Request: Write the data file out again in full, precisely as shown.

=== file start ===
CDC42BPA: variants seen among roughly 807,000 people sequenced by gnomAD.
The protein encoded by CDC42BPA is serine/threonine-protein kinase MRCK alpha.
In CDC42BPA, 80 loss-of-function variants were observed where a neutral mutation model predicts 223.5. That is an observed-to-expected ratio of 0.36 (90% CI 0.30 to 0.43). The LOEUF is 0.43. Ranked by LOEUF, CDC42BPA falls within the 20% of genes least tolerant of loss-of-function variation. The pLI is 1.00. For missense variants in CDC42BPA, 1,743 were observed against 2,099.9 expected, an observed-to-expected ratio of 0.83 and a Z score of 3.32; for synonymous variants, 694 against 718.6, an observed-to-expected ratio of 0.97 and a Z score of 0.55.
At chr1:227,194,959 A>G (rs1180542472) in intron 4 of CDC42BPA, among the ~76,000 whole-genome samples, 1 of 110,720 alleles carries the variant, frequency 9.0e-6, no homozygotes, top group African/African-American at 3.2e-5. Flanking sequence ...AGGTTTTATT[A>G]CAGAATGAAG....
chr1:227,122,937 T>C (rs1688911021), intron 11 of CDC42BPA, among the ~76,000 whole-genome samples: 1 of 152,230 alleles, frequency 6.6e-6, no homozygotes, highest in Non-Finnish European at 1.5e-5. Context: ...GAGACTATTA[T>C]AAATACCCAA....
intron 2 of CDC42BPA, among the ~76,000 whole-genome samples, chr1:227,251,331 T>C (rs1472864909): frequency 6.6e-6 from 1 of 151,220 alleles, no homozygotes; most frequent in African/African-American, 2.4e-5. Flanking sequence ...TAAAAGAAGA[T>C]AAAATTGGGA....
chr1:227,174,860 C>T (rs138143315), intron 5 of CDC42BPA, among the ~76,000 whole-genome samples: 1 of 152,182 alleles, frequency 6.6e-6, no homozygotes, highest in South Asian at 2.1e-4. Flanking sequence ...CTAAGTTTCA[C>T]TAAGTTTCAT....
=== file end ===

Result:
CDC42BPA: variants seen among roughly 807,000 people sequenced by gnomAD.
The protein encoded by CDC42BPA is serine/threonine-protein kinase MRCK alpha.
In CDC42BPA, 80 loss-of-function variants were observed where a neutral mutation model predicts 223.5. That is an observed-to-expected ratio of 0.36 (90% CI 0.30 to 0.43). The LOEUF is 0.43. Ranked by LOEUF, CDC42BPA falls within the 20% of genes least tolerant of loss-of-function variation. The pLI is 1.00. For missense variants in CDC42BPA, 1,743 were observed against 2,099.9 expected, an observed-to-expected ratio of 0.83 and a Z score of 3.32; for synonymous variants, 694 against 718.6, an observed-to-expected ratio of 0.97 and a Z score of 0.55.
At chr1:227,194,959 A>G (rs1180542472) in intron 4 of CDC42BPA, among the ~76,000 whole-genome samples, 1 of 110,720 alleles carries the variant, frequency 9.0e-6, no homozygotes, top group African/African-American at 3.2e-5. Flanking sequence ...AGGTTTTATT[A>G]CAGAATGAAG....
chr1:227,122,937 T>C (rs1688911021), intron 11 of CDC42BPA, among the ~76,000 whole-genome samples: 1 of 152,230 alleles, frequency 6.6e-6, no homozygotes, highest in Non-Finnish European at 1.5e-5. Context: ...GAGACTATTA[T>C]AAATACCCAA....
intron 2 of CDC42BPA, among the ~76,000 whole-genome samples, chr1:227,251,331 T>C (rs1472864909): frequency 6.6e-6 from 1 of 151,220 alleles, no homozygotes; most frequent in African/African-American, 2.4e-5. Flanking sequence ...TAAAAGAAGA[T>C]AAAATTGGGA....
chr1:227,174,860 C>T (rs138143315), intron 5 of CDC42BPA, among the ~76,000 whole-genome samples: 1 of 152,182 alleles, frequency 6.6e-6, no homozygotes, highest in South Asian at 2.1e-4. Flanking sequence ...CTAAGTTTCA[C>T]TAAGTTTCAT....